# All Google Sheets IF functions

Think of them like flow charts. These charts have a set of questions at each juncture and your answer defines how you move forward. Likewise, IF functions return one result or another based on a certain condition.

If you are looking to move past basic formulas these are great functions to have in your toolbox. There are quite a few of them and in this article we will cover them all.

## IF

This is the most basic function in this category. Basically it evaluates a single condition and outputs different results if it’s TRUE or FALSE.

=IF(condition, value_if_true, value_if_false)

IF is great to make simple logical comparisons. For example, you can evaluate whether students “Pass” a test if their score is over 50.

Note: given the formula below students who got exactly 50 will also be assigned a “Fail”.

=IF(A1 > 50, “Pass”, “Fail”)

Read our post on IF for advanced uses like nested IF statements and to combine it with other functions.

## IFS

This function has a number of conditions and values. The first condition to be TRUE will return its corresponding value.

=IFS(condition1, value1, condition2, value2, …)

The IFS function is useful to evaluate multiple conditions against a set of values. For example, we could use it to translate grades from percentages to letters.

=IFS(A1 > 90, “A”, A1 > 80, “B”, A1 > 70, “C”, A1 > 60, “D”, TRUE, “F”)

For a more detailed overview, check out the full article on the IFS formula in Google Sheets.

## AVERAGEIF

Calculates the average of a range of cells that meet a specified condition.

=AVERAGEIF(range, criterion, [average_range])

The AVERAGEIF function is useful to limit the values you want to average. Continuing with the test example, we could use it to find the average test score for students who passed.

=AVERAGEIF(A1:A10, “> 50”)

For a detailed overview of its syntax, check out the full article on the AVERAGEIF formula in Google Sheets.

## AVERAGEIFS

Calculates the average of a range of cells that meet multiple specified conditions.

=AVERAGEIFS(average_range, criteria_range1, criterion1, criteria_range2, criterion2, …)

AVERAGEIFS lets you set multiple conditions to narrow down the values to include in your average. For example, you could average the test scores for students who passed and are right handed.

=AVERAGEIFS(B1:B10, A1:A10, “Pass”, C1:C10, “Right”)

For more an in-depth explanation, read the complete post on AVERAGEIFS formula in Google Sheets.

## COUNTIF

Counts the number of cells in a range that meet a specified condition.

=COUNTIF(range, criterion)

This function is great to know how many students passed the test.

=COUNTIF(A1:A10, “>50”)

For many applications of this formula, check out Countif greater than 0 Google Sheets.

## COUNTIFS

Counts the number of cells in a range that meet multiple specified conditions.

=COUNTIFS(criteria_range1, criterion1, criteria_range2, criterion2, …)

Again, say you are fixated on your right handed students. COUNTIFS will let you know how many of them passed the test.

=COUNTIFS(B55:B65, “> 50”, C55:C65, “Right”)

## SUMIF

Adds certain values based on a single condition.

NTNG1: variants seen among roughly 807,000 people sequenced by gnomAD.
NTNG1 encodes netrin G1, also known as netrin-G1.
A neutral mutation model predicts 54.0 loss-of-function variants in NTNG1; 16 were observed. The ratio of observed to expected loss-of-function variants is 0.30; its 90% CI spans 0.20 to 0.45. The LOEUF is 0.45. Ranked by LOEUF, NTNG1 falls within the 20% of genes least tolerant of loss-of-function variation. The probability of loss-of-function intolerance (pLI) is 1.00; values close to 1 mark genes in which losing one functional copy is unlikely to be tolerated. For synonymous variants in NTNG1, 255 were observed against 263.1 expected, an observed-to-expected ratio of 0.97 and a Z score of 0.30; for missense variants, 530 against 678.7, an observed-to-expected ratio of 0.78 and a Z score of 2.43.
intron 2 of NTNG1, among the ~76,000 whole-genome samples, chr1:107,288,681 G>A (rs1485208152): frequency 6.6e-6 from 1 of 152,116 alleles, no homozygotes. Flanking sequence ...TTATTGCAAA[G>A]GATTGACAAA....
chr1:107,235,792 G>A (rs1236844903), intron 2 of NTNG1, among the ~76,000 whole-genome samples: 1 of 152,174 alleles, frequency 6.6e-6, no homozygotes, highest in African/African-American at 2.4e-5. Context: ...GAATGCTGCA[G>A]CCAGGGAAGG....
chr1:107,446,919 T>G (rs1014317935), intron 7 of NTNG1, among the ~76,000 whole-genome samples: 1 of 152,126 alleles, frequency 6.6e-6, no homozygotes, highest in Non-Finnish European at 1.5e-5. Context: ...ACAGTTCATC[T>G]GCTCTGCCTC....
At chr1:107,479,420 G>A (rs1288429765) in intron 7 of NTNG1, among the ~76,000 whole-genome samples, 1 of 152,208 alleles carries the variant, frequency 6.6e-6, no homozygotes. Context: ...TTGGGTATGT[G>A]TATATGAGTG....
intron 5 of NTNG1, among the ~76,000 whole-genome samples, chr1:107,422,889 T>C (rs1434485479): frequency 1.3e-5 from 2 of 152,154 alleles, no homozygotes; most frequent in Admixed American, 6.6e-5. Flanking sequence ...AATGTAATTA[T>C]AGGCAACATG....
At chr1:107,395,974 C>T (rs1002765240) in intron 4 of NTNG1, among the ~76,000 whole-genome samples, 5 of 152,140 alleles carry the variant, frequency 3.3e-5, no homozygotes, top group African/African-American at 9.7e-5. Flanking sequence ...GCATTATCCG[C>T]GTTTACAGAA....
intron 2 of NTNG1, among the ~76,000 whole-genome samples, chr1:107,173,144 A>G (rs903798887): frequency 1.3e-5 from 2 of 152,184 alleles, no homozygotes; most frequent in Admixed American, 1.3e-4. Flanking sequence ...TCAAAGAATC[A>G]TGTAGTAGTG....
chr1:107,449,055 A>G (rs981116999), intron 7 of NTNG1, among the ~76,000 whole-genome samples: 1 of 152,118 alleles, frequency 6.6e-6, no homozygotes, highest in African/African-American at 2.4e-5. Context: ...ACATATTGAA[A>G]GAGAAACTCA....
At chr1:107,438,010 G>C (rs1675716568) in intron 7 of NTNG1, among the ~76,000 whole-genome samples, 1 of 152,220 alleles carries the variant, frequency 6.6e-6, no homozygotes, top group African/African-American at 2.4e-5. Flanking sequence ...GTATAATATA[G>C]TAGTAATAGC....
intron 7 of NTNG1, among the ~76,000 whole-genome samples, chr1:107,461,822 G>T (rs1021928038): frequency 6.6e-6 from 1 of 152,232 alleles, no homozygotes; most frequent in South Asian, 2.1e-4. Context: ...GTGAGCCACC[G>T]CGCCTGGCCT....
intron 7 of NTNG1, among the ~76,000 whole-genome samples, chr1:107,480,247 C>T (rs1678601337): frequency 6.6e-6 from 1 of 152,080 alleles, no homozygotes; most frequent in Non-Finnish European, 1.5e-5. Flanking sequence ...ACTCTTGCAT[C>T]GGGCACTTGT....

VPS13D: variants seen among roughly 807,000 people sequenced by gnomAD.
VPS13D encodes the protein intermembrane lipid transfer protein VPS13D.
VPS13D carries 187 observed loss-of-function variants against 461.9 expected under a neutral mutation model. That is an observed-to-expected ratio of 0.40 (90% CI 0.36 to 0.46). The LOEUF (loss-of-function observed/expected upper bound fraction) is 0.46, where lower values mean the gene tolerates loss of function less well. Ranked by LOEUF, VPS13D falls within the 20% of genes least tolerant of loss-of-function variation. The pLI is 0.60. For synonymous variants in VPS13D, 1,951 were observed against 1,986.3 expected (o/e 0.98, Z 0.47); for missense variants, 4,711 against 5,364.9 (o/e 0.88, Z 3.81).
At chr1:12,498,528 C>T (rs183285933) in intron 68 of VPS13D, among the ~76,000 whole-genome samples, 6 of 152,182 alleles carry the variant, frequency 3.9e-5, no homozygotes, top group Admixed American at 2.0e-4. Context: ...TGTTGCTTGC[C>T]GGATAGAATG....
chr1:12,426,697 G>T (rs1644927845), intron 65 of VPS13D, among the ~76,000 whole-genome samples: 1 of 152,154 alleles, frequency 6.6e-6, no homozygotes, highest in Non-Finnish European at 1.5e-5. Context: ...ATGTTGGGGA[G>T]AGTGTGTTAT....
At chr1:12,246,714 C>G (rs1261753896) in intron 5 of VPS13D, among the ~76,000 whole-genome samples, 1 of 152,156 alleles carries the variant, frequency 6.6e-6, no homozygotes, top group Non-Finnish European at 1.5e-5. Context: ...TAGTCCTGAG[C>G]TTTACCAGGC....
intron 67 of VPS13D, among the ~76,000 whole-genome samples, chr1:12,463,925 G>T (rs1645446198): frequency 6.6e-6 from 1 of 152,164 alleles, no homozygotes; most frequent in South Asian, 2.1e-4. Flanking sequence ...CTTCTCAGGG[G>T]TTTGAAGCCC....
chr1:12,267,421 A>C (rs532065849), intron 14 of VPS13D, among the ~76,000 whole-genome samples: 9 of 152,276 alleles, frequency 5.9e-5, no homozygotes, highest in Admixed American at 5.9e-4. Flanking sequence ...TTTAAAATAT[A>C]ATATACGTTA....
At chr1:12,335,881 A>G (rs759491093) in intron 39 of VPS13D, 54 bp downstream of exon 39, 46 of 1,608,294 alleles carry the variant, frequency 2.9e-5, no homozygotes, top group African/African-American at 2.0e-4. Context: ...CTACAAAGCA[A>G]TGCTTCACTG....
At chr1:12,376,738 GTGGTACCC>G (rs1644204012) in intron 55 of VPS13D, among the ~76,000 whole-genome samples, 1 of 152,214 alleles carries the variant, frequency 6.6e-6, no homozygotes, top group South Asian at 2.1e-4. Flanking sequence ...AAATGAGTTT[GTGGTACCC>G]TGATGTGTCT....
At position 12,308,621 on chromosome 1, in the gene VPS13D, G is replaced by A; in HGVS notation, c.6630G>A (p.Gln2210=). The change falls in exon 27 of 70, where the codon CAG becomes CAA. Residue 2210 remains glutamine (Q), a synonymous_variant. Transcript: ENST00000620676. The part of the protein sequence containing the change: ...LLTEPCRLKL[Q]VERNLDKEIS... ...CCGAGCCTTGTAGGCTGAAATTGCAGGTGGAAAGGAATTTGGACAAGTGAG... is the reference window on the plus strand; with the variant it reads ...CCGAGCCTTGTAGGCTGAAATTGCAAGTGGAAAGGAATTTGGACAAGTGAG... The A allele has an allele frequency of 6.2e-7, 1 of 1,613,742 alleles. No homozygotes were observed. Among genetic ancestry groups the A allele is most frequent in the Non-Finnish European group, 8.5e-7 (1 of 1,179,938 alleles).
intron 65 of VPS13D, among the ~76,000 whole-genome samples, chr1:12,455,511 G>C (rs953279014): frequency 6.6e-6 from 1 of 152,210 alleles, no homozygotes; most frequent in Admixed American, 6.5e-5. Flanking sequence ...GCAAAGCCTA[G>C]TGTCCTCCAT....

=SUMIF(range, criterion, [sum_range])

The SUMIF function is useful to single out certain values you want to add. It can calculate total sales for a  product, sum expenses for a category, or add scores above a threshold.

=SUMIF(A1:A10, “Product A”, B1:B10)

## SUMIFS

Adds the cells in a range that meet multiple conditions.

=SUMIFS(sum_range, criteria_range1, criterion1, criteria_range2, criterion2, …)

The SUMIFS function is perfect for adding up values that meet multiple criteria, such as summing sales only for a specific region and product.

=SUMIFS(B1:B10, A1:A10, “North”, C1:C10, “Product A”)

## SWITCH

Tests an expression against a list of cases and returns the corresponding value of the first match. It’s a great alternative to nested IF statements because of its increased simplicity and readability.

=SWITCH(expression, case1, value1, case2, value2, …, [default])

The SWITCH function is useful when you have multiple conditions to evaluate and want to return a specific value for the first true condition.

=SWITCH(A1, “Red”, 1, “Green”, 2, “Blue”, 3, “Unknown”)

To explore this function in full check out our post SWITCH formula in Google Sheets.

## IFERROR

Returns a value if there is no error, otherwise it returns a specified value if there is an error.

=IFERROR(value, [value_if_error])

The IFERROR function is useful to handle errors in formulas. It helps ensure that your spreadsheet doesn’t show errors and displays user-friendly messages instead.

=IFERROR(100/0, “Divide by zero error”)

For a full guide on implementing this formula for error handling check out IFERROR formula in Google Sheets.

## IFNA

Returns a specified value if the formula evaluates to #N/A; otherwise, it returns the result of the formula.

=IFNA(value, value_if_na)

The IFNA function is great for handling the #N/A error specifically, ensuring that your spreadsheet can display a custom message or alternative value when this error occurs.

To explore this function in depth, check out How to use IFNA in Google Sheets to handle errors.

## Conclusion

Google Sheets’ IF functions allow you to include condition-based formulas in your spreadsheets. They act like flow charts that guide your data processing based on specific conditions.

From the basic IF function to more advanced ones like IFS, SUMIFS, and SWITCH, these functions perform complex logical operations.

## How to SUMIF in Google Sheets

The SUMIF function in Google Sheets allows you to sum values in a range based on specific...

## How to use IFNA in Google Sheets to handle errors

IFNA in Google Sheets is a super simple function. It checks if a formula results in an error and...

## How to use COUNTIFS in Google Sheets

COUNTIFS is one of the many Google Sheets count functions. This formula works as its name...